Architects: More Than Designer Eyeglasses and Black Sweaters

"My favorite thing about National Architecture Week is that it forces our collective profession to think critically about how we engage with the rest of the world... Unless you’re a designer, you’ve probably never been fully aware of the influence good design has on your life. Spaces influence a lot about how we feel and operate."

My favorite thing about National Architecture Week is that it forces our collective profession to think critically about how we engage with the rest of the world. After all, if you get your own designated national week, you better bring something special to the (drafting) table!
To offer some background, the story of how I became an Architect started in 2009 near the end of high school. I had a dual passion for writing and architecture, pointing me towards Ball State University where there are great journalism and architecture programs. While I eventually leaned away from journalism and chose to pursue architecture, I did transplant some very applicable journalism techniques, like asking great questions. Asking great questions and subsequently using active listening skills makes an architect grow tenfold. It transforms us from a profession that offers reactive services to one that offers proactive solutions.
During college, I took numerous elective courses that focused on the cultural, socioeconomic, and almost-anthropological approach to architectural design. Today, these classes are encompassed in a Graduate Certificate in Social and Environmental Justice. I think these classes were just as helpful at increasing my effectiveness as a designer as the core classes that taught me traditional design-thinking techniques that are more inward-reflective. My professors taught me empathy, and how the investigative nature of the design process can provide a better built solution to serve a wider group of end-users beyond an original program scope. As designers, we need to be critical about our intent and ask, “How will my project impact the larger fabric of the community in which it belongs?”

I flexed this “critical thinking muscle” during my thesis project in graduate school when I chose to explore the concept of Nature Play and how Architects can be part of this topic. In a nutshell, Nature Play is unstructured, reoccurring childhood playtime that takes place solely outside, unplugged and free from synthetic conventional structures (think playscapes made from high-density polyethylene). The thought is that by returning children to nature, they develop the emotional aptitude to discover new textures (who doesn’t love to play in sand and mud?), learn first-hand about the cyclical patterns in nature, and explore the tactility of materials that sustain our natural environment.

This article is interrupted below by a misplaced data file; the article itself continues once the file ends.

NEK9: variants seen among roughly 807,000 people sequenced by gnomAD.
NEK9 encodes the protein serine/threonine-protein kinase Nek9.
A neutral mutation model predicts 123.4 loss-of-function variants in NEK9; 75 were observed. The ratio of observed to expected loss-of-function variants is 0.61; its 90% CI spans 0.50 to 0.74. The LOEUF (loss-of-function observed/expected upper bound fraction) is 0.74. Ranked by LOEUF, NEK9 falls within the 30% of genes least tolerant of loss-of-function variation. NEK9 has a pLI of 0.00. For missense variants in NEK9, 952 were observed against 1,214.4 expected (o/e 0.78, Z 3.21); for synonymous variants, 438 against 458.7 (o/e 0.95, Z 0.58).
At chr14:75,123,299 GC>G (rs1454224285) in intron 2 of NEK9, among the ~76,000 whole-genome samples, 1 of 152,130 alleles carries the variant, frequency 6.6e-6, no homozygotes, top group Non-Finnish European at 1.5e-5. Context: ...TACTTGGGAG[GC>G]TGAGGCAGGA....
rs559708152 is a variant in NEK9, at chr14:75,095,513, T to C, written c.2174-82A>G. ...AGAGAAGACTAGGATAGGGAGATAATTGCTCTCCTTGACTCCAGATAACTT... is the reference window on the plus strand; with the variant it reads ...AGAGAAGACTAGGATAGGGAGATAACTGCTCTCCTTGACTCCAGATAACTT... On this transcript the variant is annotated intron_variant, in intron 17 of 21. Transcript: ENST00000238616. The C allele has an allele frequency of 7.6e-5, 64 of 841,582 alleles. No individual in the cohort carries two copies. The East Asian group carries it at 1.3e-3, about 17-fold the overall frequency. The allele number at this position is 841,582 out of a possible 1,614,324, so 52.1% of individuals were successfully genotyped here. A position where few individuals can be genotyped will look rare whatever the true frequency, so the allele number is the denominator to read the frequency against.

The absence of Nature Play in our sociocultural fabric today is already showing unfortunate consequences, including childhood depression and attention disorders. There are many books that discuss the concerns of “nature deficit disorder,” and Nature Play is a healing solution that clearly begs for our involvement as designers. This concept’s success is highly dependent on the intentional design of our communities and everyday environments. Exposure and integration of nature into our environments effectively improves the physical and emotional health of children and adults alike.

With my Master’s degree in hand, I joined Design Collaborative after being drawn to the firm’s mission: We Improve People’s Worlds. Architects are evolving and have the potential, now more than ever, to help solve people-centric problems. Around me every day, architects are asking the right questions, listening to what our community values most, and providing design solutions.
Unless you’re a designer, you’ve probably never been fully aware of the influence good design has on your life. Spaces influence a lot about how we feel and operate. If we design a building well, it should provide spaces that inspire great things to happen for the end-users. It could allow groups of people to start a dialogue with one another, inventors to have elbow room to tinker in makerspaces, preachers to reach their congregations, nurses to heal patients, homeowners to recover their lives faster from natural disasters with resilient design, a student to feel safe walking alone to their car at night thanks to defensible space design, or a child to experience the freedom of Nature Play.
As architects, these subconscious behaviors and emotions should be just as important to us as the brick and mortar of our projects. Great design should be somewhat invisible and conjure up emotions, specifically the emotions that make us human and progress us forward in whatever context we choose for our communities.

Megan Yoder
Associate, Graduate Architect